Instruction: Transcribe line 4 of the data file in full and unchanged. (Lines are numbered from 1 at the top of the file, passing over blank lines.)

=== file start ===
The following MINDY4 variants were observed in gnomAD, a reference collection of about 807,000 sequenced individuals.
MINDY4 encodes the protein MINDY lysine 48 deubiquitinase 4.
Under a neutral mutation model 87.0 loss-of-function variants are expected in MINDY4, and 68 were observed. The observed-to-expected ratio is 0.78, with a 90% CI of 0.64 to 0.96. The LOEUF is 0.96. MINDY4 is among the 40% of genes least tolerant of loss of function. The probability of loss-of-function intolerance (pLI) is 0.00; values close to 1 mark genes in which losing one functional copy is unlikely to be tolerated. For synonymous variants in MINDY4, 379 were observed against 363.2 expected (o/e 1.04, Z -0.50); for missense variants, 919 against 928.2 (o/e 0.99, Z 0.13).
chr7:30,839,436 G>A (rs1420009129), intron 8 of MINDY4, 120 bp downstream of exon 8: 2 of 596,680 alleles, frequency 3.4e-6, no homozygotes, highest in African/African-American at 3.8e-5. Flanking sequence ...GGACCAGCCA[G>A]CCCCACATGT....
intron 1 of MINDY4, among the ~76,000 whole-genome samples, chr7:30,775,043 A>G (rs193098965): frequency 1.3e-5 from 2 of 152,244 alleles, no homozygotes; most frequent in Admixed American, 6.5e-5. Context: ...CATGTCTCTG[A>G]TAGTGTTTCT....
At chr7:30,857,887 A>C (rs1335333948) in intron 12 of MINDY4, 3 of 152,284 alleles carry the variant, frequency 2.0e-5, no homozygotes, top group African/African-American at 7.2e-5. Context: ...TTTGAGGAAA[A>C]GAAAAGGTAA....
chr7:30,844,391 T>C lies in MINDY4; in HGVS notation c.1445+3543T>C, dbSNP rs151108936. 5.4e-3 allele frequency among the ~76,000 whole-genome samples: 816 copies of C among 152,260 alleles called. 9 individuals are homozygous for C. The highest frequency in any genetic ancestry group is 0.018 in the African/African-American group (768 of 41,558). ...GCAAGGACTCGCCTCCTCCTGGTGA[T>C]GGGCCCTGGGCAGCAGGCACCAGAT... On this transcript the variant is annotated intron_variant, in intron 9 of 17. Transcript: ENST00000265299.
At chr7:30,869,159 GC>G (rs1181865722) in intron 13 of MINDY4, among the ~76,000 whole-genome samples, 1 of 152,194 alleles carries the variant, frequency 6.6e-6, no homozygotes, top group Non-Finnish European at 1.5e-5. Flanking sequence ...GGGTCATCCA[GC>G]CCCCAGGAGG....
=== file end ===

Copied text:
chr7:30,839,436 G>A (rs1420009129), intron 8 of MINDY4, 120 bp downstream of exon 8: 2 of 596,680 alleles, frequency 3.4e-6, no homozygotes, highest in African/African-American at 3.8e-5. Flanking sequence ...GGACCAGCCA[G>A]CCCCACATGT....